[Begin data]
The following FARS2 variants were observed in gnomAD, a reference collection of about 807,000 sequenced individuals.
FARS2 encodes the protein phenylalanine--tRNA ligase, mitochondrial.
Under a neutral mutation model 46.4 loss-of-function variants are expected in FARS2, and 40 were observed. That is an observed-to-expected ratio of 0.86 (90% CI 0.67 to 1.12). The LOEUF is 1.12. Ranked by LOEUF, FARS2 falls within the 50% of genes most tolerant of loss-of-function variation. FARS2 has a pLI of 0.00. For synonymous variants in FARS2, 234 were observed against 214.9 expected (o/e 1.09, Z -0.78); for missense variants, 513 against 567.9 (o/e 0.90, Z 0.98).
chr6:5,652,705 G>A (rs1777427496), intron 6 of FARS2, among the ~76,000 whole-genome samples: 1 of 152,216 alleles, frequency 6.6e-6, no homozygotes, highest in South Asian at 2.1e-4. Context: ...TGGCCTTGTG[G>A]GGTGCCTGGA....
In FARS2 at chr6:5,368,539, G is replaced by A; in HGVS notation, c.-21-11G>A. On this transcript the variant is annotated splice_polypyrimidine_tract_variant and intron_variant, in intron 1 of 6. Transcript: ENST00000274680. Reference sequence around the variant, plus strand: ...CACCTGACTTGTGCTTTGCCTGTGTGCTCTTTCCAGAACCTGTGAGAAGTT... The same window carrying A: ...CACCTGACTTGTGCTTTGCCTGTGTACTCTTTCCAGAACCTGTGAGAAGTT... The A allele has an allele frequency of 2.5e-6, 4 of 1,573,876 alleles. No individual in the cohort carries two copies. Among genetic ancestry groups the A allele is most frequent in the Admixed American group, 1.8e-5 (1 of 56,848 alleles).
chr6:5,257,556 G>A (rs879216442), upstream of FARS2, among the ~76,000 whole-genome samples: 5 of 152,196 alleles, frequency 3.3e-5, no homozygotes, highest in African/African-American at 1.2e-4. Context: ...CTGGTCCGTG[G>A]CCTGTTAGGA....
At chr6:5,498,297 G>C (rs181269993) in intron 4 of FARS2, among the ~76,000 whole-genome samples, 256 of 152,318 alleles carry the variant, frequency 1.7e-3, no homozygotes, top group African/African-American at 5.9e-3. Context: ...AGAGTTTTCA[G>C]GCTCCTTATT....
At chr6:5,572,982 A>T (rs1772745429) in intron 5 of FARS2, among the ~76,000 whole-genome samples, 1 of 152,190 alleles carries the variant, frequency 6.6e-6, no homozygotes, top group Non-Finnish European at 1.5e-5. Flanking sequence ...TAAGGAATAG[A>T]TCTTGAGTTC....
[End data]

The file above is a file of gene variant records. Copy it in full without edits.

The following FARS2 variants were observed in gnomAD, a reference collection of about 807,000 sequenced individuals.
FARS2 encodes the protein phenylalanine--tRNA ligase, mitochondrial.
Under a neutral mutation model 46.4 loss-of-function variants are expected in FARS2, and 40 were observed. That is an observed-to-expected ratio of 0.86 (90% CI 0.67 to 1.12). The LOEUF is 1.12. Ranked by LOEUF, FARS2 falls within the 50% of genes most tolerant of loss-of-function variation. FARS2 has a pLI of 0.00. For synonymous variants in FARS2, 234 were observed against 214.9 expected (o/e 1.09, Z -0.78); for missense variants, 513 against 567.9 (o/e 0.90, Z 0.98).
chr6:5,652,705 G>A (rs1777427496), intron 6 of FARS2, among the ~76,000 whole-genome samples: 1 of 152,216 alleles, frequency 6.6e-6, no homozygotes, highest in South Asian at 2.1e-4. Context: ...TGGCCTTGTG[G>A]GGTGCCTGGA....
In FARS2 at chr6:5,368,539, G is replaced by A; in HGVS notation, c.-21-11G>A. On this transcript the variant is annotated splice_polypyrimidine_tract_variant and intron_variant, in intron 1 of 6. Transcript: ENST00000274680. Reference sequence around the variant, plus strand: ...CACCTGACTTGTGCTTTGCCTGTGTGCTCTTTCCAGAACCTGTGAGAAGTT... The same window carrying A: ...CACCTGACTTGTGCTTTGCCTGTGTACTCTTTCCAGAACCTGTGAGAAGTT... The A allele has an allele frequency of 2.5e-6, 4 of 1,573,876 alleles. No individual in the cohort carries two copies. Among genetic ancestry groups the A allele is most frequent in the Admixed American group, 1.8e-5 (1 of 56,848 alleles).
chr6:5,257,556 G>A (rs879216442), upstream of FARS2, among the ~76,000 whole-genome samples: 5 of 152,196 alleles, frequency 3.3e-5, no homozygotes, highest in African/African-American at 1.2e-4. Context: ...CTGGTCCGTG[G>A]CCTGTTAGGA....
At chr6:5,498,297 G>C (rs181269993) in intron 4 of FARS2, among the ~76,000 whole-genome samples, 256 of 152,318 alleles carry the variant, frequency 1.7e-3, no homozygotes, top group African/African-American at 5.9e-3. Context: ...AGAGTTTTCA[G>C]GCTCCTTATT....
At chr6:5,572,982 A>T (rs1772745429) in intron 5 of FARS2, among the ~76,000 whole-genome samples, 1 of 152,190 alleles carries the variant, frequency 6.6e-6, no homozygotes, top group Non-Finnish European at 1.5e-5. Flanking sequence ...TAAGGAATAG[A>T]TCTTGAGTTC....